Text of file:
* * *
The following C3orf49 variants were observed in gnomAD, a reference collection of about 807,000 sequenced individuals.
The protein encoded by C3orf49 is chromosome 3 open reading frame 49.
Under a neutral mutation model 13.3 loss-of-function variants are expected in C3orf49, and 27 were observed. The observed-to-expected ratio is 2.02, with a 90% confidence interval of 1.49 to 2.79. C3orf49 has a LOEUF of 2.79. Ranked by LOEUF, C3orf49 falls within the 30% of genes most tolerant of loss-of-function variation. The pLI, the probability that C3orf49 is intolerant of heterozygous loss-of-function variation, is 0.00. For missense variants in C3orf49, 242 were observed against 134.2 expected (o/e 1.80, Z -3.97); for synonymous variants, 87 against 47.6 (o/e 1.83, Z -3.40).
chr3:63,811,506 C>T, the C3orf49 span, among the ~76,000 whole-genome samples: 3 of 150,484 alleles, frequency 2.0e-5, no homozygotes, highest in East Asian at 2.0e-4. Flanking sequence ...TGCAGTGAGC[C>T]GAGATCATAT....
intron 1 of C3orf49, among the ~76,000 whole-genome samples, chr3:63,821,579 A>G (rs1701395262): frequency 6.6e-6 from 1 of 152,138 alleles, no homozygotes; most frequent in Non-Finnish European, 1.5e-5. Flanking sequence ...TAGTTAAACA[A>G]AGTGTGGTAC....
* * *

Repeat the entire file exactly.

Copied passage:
The following C3orf49 variants were observed in gnomAD, a reference collection of about 807,000 sequenced individuals.
The protein encoded by C3orf49 is chromosome 3 open reading frame 49.
Under a neutral mutation model 13.3 loss-of-function variants are expected in C3orf49, and 27 were observed. The observed-to-expected ratio is 2.02, with a 90% confidence interval of 1.49 to 2.79. C3orf49 has a LOEUF of 2.79. Ranked by LOEUF, C3orf49 falls within the 30% of genes most tolerant of loss-of-function variation. The pLI, the probability that C3orf49 is intolerant of heterozygous loss-of-function variation, is 0.00. For missense variants in C3orf49, 242 were observed against 134.2 expected (o/e 1.80, Z -3.97); for synonymous variants, 87 against 47.6 (o/e 1.83, Z -3.40).
chr3:63,811,506 C>T, the C3orf49 span, among the ~76,000 whole-genome samples: 3 of 150,484 alleles, frequency 2.0e-5, no homozygotes, highest in East Asian at 2.0e-4. Flanking sequence ...TGCAGTGAGC[C>T]GAGATCATAT....
intron 1 of C3orf49, among the ~76,000 whole-genome samples, chr3:63,821,579 A>G (rs1701395262): frequency 6.6e-6 from 1 of 152,138 alleles, no homozygotes; most frequent in Non-Finnish European, 1.5e-5. Flanking sequence ...TAGTTAAACA[A>G]AGTGTGGTAC....